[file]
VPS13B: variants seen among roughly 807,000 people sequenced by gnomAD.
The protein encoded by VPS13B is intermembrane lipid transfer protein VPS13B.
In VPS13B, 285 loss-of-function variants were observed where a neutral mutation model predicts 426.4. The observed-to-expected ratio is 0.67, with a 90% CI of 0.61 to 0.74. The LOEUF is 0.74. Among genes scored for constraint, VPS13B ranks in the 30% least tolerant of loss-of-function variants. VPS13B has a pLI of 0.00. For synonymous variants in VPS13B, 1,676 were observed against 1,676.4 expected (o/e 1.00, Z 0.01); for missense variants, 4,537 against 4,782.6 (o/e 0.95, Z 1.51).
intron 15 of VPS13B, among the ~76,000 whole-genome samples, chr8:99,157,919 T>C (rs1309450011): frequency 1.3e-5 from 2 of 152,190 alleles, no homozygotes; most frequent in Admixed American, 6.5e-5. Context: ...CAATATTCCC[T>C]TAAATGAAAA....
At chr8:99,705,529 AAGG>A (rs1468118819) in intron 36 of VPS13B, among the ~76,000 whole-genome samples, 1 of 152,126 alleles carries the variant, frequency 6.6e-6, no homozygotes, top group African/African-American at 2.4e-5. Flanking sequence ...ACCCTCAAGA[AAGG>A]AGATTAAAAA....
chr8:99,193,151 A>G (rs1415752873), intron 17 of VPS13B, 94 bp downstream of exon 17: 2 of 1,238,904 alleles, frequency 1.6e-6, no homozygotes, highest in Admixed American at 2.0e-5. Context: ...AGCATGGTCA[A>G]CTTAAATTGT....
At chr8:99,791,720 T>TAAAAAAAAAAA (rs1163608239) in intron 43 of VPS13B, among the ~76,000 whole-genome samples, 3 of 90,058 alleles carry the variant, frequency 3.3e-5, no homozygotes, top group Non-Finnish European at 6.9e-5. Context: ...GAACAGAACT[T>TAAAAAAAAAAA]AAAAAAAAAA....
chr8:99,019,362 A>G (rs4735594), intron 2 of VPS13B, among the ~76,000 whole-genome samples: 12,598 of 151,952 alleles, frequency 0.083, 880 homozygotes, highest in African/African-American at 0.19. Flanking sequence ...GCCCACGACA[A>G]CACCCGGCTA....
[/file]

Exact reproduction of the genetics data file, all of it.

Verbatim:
VPS13B: variants seen among roughly 807,000 people sequenced by gnomAD.
The protein encoded by VPS13B is intermembrane lipid transfer protein VPS13B.
In VPS13B, 285 loss-of-function variants were observed where a neutral mutation model predicts 426.4. The observed-to-expected ratio is 0.67, with a 90% CI of 0.61 to 0.74. The LOEUF is 0.74. Among genes scored for constraint, VPS13B ranks in the 30% least tolerant of loss-of-function variants. VPS13B has a pLI of 0.00. For synonymous variants in VPS13B, 1,676 were observed against 1,676.4 expected (o/e 1.00, Z 0.01); for missense variants, 4,537 against 4,782.6 (o/e 0.95, Z 1.51).
intron 15 of VPS13B, among the ~76,000 whole-genome samples, chr8:99,157,919 T>C (rs1309450011): frequency 1.3e-5 from 2 of 152,190 alleles, no homozygotes; most frequent in Admixed American, 6.5e-5. Context: ...CAATATTCCC[T>C]TAAATGAAAA....
At chr8:99,705,529 AAGG>A (rs1468118819) in intron 36 of VPS13B, among the ~76,000 whole-genome samples, 1 of 152,126 alleles carries the variant, frequency 6.6e-6, no homozygotes, top group African/African-American at 2.4e-5. Flanking sequence ...ACCCTCAAGA[AAGG>A]AGATTAAAAA....
chr8:99,193,151 A>G (rs1415752873), intron 17 of VPS13B, 94 bp downstream of exon 17: 2 of 1,238,904 alleles, frequency 1.6e-6, no homozygotes, highest in Admixed American at 2.0e-5. Context: ...AGCATGGTCA[A>G]CTTAAATTGT....
At chr8:99,791,720 T>TAAAAAAAAAAA (rs1163608239) in intron 43 of VPS13B, among the ~76,000 whole-genome samples, 3 of 90,058 alleles carry the variant, frequency 3.3e-5, no homozygotes, top group Non-Finnish European at 6.9e-5. Context: ...GAACAGAACT[T>TAAAAAAAAAAA]AAAAAAAAAA....
chr8:99,019,362 A>G (rs4735594), intron 2 of VPS13B, among the ~76,000 whole-genome samples: 12,598 of 151,952 alleles, frequency 0.083, 880 homozygotes, highest in African/African-American at 0.19. Flanking sequence ...GCCCACGACA[A>G]CACCCGGCTA....